When Sue de Bievre tried to get funding to support her fast-growing online accountancy business she struggled to get backing from male investors.
"It was incredibly heartbreaking."
The chief executive of Beany tried to raise money all through 2018 and despite trying every avenue she had no luck.
"We just didn't get any traction at all and I rolled into 2019 feeling very flat."
Then she won backing from SheEO - a venture capital fund that lends to women-led businesses and that was followed up by investor network Ice Angels and ArcAngels - a fund set up specifically to fund startup businesses with female founders or leaders.
"It was just one of those moments when the light came on." De Bievre is now able to expand her business into Sydney and London.
Beany is one of six startup businesses the ArcAngels fund has already committed to invest in, another three are being lined up with the fund now looking for another 11 women led startups to invest in.
Cecilia Tarrant, chairwoman of the ArcAngels investor network group, said the fund had raised $2 million from 75 investors of which 40 per cent were male including Sir Stephen Tindall's K1W1 investment company.
Tarrant said the fund had been inspired by similar successful funds overseas such as the New York headquartered Golden Seeds which had been supporting female founders for more than a decade.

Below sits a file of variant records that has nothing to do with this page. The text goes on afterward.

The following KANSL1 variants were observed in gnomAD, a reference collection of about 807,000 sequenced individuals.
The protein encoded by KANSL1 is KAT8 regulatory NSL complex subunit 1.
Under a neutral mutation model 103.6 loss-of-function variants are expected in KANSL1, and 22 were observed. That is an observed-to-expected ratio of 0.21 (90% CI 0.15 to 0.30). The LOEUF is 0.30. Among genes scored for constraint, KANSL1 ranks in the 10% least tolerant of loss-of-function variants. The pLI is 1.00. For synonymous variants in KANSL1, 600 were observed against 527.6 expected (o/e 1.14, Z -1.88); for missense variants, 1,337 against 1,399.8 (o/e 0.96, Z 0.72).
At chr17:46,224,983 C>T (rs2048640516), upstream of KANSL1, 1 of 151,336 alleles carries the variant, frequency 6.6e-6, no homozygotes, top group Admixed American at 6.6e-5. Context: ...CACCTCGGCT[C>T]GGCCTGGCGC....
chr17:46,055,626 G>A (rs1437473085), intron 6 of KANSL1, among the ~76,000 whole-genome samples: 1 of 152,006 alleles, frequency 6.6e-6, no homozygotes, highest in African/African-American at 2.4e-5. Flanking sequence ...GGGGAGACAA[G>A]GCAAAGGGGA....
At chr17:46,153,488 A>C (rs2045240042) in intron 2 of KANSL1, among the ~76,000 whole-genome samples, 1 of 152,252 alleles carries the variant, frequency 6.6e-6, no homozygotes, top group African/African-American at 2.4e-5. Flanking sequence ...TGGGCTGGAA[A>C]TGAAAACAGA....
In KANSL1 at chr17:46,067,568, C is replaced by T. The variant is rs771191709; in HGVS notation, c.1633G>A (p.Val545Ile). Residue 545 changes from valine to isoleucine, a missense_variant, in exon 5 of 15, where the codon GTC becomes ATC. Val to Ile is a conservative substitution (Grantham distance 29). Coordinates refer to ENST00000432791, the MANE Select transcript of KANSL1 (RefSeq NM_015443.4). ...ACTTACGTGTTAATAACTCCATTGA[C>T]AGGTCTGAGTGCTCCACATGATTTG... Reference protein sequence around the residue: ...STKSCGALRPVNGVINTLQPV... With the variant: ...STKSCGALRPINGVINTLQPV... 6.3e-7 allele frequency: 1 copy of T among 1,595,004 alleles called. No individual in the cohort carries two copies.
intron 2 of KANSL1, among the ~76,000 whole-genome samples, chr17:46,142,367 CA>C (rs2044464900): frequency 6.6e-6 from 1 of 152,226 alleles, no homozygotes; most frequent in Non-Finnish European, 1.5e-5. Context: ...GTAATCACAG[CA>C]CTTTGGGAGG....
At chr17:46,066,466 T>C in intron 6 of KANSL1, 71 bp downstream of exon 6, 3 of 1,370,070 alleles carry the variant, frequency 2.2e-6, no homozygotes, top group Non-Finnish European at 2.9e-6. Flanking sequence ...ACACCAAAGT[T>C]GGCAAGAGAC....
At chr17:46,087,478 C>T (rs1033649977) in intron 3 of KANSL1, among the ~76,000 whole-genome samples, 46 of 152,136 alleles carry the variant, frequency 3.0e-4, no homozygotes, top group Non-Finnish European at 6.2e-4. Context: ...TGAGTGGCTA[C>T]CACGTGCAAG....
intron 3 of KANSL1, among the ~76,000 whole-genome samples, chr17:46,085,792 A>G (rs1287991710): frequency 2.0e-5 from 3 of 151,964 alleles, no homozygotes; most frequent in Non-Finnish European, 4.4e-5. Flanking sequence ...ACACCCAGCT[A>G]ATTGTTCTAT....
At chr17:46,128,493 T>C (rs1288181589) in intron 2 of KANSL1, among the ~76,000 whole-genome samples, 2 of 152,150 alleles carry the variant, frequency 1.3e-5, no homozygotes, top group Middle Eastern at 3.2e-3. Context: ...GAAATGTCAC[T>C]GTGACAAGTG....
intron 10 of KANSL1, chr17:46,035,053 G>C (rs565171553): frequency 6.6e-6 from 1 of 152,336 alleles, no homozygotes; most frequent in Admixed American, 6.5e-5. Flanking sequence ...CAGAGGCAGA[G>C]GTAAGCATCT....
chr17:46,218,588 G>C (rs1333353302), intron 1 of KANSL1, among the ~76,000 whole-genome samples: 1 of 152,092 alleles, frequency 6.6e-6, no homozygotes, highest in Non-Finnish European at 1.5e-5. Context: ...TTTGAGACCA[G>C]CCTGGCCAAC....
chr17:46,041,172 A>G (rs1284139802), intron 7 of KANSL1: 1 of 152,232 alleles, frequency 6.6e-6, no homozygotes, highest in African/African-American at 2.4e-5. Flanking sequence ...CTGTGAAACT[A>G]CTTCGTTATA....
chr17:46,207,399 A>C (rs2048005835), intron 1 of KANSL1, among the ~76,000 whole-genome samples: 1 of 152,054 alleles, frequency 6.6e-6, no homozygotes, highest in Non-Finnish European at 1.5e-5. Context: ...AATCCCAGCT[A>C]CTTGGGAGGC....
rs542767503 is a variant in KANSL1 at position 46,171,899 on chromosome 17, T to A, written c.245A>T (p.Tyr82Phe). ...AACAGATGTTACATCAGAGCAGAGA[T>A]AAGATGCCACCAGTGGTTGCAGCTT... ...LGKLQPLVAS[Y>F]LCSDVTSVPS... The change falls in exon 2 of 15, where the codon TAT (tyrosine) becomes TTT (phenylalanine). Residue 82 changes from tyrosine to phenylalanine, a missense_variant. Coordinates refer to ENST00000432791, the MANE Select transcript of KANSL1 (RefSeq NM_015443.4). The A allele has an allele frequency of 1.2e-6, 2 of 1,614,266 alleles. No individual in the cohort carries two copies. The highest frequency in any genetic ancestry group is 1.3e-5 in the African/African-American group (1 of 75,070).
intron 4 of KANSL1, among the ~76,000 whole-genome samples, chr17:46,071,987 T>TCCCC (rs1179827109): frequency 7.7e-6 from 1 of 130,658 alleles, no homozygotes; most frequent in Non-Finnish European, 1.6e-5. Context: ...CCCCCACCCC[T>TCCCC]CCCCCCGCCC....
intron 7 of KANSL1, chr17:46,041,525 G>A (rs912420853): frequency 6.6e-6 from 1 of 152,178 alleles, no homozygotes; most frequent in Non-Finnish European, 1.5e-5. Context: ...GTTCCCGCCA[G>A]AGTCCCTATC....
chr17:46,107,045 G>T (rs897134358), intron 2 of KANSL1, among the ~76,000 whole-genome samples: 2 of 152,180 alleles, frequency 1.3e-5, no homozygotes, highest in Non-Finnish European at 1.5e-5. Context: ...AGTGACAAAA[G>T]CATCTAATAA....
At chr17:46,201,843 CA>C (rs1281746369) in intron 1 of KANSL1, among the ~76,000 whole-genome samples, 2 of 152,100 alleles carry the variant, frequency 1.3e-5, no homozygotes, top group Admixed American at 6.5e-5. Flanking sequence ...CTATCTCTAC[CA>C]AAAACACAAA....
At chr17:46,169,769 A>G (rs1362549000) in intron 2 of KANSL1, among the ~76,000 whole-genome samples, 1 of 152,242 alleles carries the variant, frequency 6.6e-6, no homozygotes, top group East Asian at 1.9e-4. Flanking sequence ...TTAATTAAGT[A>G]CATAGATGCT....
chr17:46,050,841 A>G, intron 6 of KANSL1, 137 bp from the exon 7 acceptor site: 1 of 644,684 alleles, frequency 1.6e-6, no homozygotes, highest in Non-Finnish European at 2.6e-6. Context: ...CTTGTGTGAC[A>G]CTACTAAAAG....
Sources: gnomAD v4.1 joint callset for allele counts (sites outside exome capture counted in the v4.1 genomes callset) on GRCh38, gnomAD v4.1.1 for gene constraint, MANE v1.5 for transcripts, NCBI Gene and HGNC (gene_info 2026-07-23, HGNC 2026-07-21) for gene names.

"We know that women entrepreneurs struggle to attract the same levels of investment and support as their male counterparts - and yet female-founded startups have been proven to perform better over time.
"We see the ArcAngels fund as a way of addressing the challenges women face when raising capital."
Tarrant said women entrepreneurs faced a lot of bias - some conscious and some unconscious.
"There seems to be a bias and presumptions that men are better at business than women, but it is not born out by the facts.
"When you look at the fabulous women running businesses you know it's not a fact yet we still have most money going to male entrepreneurs."
Tarrant said male entrepreneurs tended to get asked promotional questions like how much do you think you can make?
Females tended to get asked preventative questions like how will you reduce the risk of losing money?
Yet research by US-based Boston Consulting Group had found that for every investment dollar going into a female-founded startup, the company generated 78 cents, while male-founded startups generated just 31 cents.
Tarrant said all up the fund would look to invest in around 20 female-led startups over the next two years and there was no shortage of opportunities.
To qualify businesses have to have a female founder or leadership. When they raise money only half can come from the fund with the other 50 per cent committed by other investors.
They also require a lead investor that can take an active role in going on the board or mentoring the business and the fund must invest on the same terms as other investors.
Tarrant said the fund didn't have a set timeframe for getting a return on its investment.
"We are not like an investment manager.
"A lot of these companies, it's not unusual for it to take five years to get to a liquidity event."
When that happens the money returned from the investment will go back to the investors.
"We don't target a specific return. The range of returns can be negative to up 10, 20 or 30 plus."
Investors in the fund which closes to new investment at the end of September also have to meet certain requirements meeting the criteria of being either a wholesale investor or eligible investor.
Wholesale investors have to have an investment portfolio worth over $1m or a net worth of $5m plus while eligible investors usually have management experience in the sector and are able to invest.